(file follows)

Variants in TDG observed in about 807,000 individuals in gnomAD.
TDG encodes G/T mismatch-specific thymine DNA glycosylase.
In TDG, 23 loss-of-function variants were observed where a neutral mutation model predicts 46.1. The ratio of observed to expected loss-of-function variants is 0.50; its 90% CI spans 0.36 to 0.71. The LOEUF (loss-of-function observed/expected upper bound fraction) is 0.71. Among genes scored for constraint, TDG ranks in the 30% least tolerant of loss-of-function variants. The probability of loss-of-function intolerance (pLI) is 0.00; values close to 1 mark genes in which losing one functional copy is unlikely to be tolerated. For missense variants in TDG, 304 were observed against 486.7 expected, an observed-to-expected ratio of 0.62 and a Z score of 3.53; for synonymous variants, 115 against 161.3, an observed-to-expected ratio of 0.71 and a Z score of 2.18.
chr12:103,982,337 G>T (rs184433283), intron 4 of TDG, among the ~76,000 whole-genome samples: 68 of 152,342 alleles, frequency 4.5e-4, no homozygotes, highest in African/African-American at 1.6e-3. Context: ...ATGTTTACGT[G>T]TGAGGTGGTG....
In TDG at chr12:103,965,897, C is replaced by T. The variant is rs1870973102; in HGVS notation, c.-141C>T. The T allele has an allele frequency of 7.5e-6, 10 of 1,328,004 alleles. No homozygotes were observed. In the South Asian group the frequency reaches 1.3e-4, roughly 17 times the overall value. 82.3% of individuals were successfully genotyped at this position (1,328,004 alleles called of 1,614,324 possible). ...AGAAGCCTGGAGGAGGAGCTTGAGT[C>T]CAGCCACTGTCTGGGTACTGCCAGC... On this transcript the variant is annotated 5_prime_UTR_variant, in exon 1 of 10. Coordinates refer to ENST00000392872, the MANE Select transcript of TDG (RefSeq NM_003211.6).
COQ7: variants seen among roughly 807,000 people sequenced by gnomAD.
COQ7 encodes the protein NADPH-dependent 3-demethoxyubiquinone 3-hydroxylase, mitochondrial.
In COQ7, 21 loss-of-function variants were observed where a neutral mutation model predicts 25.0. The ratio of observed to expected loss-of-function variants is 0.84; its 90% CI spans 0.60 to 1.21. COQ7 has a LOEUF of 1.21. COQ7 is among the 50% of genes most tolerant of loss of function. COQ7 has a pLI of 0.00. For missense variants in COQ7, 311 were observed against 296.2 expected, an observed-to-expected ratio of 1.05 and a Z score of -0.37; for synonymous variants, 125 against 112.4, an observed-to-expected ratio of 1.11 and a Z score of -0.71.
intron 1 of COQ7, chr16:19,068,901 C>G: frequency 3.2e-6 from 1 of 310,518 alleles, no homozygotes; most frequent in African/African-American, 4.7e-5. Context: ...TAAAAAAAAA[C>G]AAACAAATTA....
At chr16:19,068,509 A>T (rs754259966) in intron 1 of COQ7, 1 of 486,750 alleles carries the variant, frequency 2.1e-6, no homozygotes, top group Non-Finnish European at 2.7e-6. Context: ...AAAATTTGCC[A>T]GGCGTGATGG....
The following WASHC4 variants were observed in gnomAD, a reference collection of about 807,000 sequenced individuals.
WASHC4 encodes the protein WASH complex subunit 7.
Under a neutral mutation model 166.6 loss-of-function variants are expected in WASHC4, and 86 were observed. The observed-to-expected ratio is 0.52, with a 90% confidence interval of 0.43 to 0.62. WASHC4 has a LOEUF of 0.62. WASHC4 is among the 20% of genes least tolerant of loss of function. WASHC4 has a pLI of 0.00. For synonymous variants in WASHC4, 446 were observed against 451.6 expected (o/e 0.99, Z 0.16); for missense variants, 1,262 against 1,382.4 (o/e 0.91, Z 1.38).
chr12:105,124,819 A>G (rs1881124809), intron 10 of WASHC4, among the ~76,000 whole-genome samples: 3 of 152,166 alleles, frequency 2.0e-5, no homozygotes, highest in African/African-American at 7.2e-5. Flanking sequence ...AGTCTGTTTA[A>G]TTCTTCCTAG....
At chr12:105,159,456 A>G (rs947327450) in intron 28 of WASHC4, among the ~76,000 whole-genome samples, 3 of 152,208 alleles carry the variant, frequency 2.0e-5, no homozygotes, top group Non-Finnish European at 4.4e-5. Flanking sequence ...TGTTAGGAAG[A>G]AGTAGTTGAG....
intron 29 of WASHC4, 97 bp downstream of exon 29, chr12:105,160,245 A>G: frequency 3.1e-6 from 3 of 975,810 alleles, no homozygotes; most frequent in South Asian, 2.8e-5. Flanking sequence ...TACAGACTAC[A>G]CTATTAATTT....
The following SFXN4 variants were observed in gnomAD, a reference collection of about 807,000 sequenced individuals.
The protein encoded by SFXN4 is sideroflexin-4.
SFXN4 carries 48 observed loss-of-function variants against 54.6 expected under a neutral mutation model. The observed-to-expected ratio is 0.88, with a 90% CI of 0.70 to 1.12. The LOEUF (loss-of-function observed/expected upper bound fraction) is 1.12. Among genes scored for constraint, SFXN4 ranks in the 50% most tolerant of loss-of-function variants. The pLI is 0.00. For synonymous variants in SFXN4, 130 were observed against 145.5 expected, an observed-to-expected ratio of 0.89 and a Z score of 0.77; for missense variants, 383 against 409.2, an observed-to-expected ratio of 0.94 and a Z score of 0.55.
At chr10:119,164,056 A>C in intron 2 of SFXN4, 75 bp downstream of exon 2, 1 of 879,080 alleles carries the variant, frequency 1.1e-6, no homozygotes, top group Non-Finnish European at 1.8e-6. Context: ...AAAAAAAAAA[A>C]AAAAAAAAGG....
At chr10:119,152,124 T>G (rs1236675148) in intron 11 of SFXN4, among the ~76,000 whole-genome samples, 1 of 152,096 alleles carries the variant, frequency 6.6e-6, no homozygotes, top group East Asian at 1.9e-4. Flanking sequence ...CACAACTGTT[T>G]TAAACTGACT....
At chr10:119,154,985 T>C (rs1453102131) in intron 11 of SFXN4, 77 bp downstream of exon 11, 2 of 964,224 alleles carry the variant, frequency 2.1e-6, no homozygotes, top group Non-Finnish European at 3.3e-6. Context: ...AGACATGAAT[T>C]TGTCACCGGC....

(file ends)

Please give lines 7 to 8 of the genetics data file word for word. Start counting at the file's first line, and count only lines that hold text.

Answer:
COQ7 encodes the protein NADPH-dependent 3-demethoxyubiquinone 3-hydroxylase, mitochondrial.
In COQ7, 21 loss-of-function variants were observed where a neutral mutation model predicts 25.0. The ratio of observed to expected loss-of-function variants is 0.84; its 90% CI spans 0.60 to 1.21. COQ7 has a LOEUF of 1.21. COQ7 is among the 50% of genes most tolerant of loss of function. COQ7 has a pLI of 0.00. For missense variants in COQ7, 311 were observed against 296.2 expected, an observed-to-expected ratio of 1.05 and a Z score of -0.37; for synonymous variants, 125 against 112.4, an observed-to-expected ratio of 1.11 and a Z score of -0.71.